Racism Can Get Ya Killed

el paso 1890s true west
Downtown El Paso, circa 1890.

RACISM CAN GET YA KILLED: That’s the message to misguided cowboys George Campbell and John Hale (who also was a drunken bully.)

It’s all part of the legacy of the Battle of Keating’s Saloon in El Paso in April of 1881. It started with the Manning Brothers stealing a large head of Mexican cattle and driving them into Texas.

The rustlers were tracked by Texas Ranger Ed Finch and two Mexican officers named Sanchez and Juarique. The two Mexicans were ambushed and killed near the Manning Ranch, provoking a posse of more than 75 Mexicans demanding justice. They wanted an inquest into the deaths of their friends, and that was held on April 15, 1881, with Constable Gus Krempkau acting as interpreter.

At noon, Krempkau left the courtroom and went into Keating’s Saloon where he got a rifle. As he walked through the doors, he was accosted by George Campbell, who was a friend of the Mannings, and berated him about the inquest. At one point Campbell shouted, “”Any American who befriends Mexicans should be hanged!”

Krempkau ignored Campbell’s remarks and walked to his horse, putting the rifle in its holster. Meanwhile, John Hale, a friend of Campbell’s, rushed to Krempkau and jammed a six-gun in his ribs, shooting the lawman in the lungs. Then Hale ran behind a post in front of the saloon.

Meanwhile, nearby at the Globe Restaurant, one of the most respected lawmen in the area, Dallas Stoudenmire, was eating a bowl of stew. He heard the commotion outside and walked out about the moment Hale was shooting Krempkau.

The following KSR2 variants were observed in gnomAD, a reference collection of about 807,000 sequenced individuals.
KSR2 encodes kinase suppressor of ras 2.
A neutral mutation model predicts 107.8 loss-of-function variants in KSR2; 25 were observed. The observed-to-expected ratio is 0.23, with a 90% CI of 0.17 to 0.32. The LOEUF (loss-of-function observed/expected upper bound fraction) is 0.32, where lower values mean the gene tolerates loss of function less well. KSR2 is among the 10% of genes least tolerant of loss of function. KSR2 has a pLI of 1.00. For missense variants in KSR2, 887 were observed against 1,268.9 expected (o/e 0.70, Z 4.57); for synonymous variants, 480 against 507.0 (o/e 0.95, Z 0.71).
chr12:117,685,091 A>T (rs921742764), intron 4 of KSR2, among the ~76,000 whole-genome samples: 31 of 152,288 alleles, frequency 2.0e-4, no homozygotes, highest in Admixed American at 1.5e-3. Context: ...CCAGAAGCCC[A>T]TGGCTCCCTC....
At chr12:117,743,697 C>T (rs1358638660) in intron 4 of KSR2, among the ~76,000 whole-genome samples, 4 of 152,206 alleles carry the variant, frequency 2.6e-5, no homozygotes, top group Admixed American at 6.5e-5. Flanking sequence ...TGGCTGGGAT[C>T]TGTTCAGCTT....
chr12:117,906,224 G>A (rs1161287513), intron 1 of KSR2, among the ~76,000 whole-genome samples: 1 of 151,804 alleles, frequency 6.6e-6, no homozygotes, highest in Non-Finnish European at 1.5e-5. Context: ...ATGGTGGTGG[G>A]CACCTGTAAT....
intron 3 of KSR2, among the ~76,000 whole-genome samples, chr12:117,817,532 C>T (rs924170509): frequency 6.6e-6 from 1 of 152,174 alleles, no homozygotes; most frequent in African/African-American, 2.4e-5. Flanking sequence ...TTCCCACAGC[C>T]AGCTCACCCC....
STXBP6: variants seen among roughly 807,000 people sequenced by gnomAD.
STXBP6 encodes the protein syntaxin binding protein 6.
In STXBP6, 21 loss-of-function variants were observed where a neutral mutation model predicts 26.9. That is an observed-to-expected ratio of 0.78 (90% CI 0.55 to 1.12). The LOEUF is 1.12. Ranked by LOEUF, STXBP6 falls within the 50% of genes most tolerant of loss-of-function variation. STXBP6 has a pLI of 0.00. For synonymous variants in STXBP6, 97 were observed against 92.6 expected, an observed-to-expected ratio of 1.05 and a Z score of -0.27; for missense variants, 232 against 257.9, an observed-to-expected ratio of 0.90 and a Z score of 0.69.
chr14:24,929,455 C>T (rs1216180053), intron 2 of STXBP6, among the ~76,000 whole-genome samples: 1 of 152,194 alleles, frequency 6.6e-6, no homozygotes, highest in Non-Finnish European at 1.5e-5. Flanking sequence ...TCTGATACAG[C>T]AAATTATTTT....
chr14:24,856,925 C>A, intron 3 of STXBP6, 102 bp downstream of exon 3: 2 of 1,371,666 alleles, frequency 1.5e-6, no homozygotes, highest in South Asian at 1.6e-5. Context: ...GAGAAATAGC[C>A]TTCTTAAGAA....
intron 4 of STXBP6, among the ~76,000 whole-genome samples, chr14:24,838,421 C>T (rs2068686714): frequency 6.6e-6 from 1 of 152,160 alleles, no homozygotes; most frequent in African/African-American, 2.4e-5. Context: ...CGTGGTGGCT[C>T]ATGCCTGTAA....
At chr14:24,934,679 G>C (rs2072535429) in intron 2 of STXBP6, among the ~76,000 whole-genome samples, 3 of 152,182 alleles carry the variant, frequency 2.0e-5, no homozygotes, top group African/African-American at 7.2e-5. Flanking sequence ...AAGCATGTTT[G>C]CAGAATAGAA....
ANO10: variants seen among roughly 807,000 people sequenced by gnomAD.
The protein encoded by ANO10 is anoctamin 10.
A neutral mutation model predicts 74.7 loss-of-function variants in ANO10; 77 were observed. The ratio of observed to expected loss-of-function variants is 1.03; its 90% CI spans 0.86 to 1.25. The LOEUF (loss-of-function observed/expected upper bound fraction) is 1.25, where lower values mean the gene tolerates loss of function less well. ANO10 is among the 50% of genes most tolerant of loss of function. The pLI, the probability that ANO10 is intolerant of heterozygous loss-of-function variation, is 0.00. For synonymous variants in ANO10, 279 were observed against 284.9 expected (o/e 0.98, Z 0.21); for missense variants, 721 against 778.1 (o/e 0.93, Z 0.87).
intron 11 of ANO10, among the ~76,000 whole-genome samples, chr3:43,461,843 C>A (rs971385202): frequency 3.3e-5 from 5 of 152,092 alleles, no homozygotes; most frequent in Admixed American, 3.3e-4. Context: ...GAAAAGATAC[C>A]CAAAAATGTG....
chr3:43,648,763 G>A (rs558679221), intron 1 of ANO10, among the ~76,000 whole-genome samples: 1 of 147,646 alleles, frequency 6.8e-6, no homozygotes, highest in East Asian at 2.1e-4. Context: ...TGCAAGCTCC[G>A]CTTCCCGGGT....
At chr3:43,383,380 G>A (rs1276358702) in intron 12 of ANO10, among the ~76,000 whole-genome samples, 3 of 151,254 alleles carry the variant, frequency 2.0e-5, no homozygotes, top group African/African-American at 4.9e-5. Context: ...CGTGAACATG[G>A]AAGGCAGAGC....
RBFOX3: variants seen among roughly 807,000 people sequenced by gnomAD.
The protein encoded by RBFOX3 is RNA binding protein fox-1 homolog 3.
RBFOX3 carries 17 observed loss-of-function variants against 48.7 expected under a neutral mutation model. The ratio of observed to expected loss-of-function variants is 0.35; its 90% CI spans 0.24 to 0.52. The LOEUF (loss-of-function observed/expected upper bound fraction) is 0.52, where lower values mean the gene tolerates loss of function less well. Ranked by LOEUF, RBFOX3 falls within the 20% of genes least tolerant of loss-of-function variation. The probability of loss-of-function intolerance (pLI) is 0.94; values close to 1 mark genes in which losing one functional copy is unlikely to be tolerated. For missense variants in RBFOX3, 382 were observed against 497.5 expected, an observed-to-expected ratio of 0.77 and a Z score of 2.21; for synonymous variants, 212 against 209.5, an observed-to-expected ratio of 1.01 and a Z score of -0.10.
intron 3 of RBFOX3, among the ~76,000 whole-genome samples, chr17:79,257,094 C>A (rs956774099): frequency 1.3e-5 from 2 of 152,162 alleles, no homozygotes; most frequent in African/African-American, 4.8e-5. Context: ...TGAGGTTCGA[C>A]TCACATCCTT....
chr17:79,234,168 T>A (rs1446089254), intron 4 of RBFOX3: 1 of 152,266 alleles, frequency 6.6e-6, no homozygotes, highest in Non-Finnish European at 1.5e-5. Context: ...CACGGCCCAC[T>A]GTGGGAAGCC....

With two six-guns in his hand, Stoudenmire saw Hale hiding behind the post and fired two shots on the run. The first wounded a bystander emerging from the saloon, while the second struck Hale in the center of his forehead, killing him instantly.

Krempkau ,with his last ounce of strength, pulled his six-gun and fired all six shots from a prone position, striking Campbell in the wrist and the toe. Then he fell against the steps of the saloon and died.

Campbell, whose six-gun had been shot out of his hand, picked it up with his uninjured hand and shot into the already dead Krempkau. About that instant, Stoudenmire put three bullets into Campbell, ending his life.

What do you think?

Jana Bommersbach

Arizona’s Journalist of the Year, Jana Bommersbach has won an Emmy and two Lifetime Achievement Awards. She also cowrote and appeared on the Emmy-winning Outrageous Arizona and has written two true crime books, a children’s book and the historical novel Cattle Kate.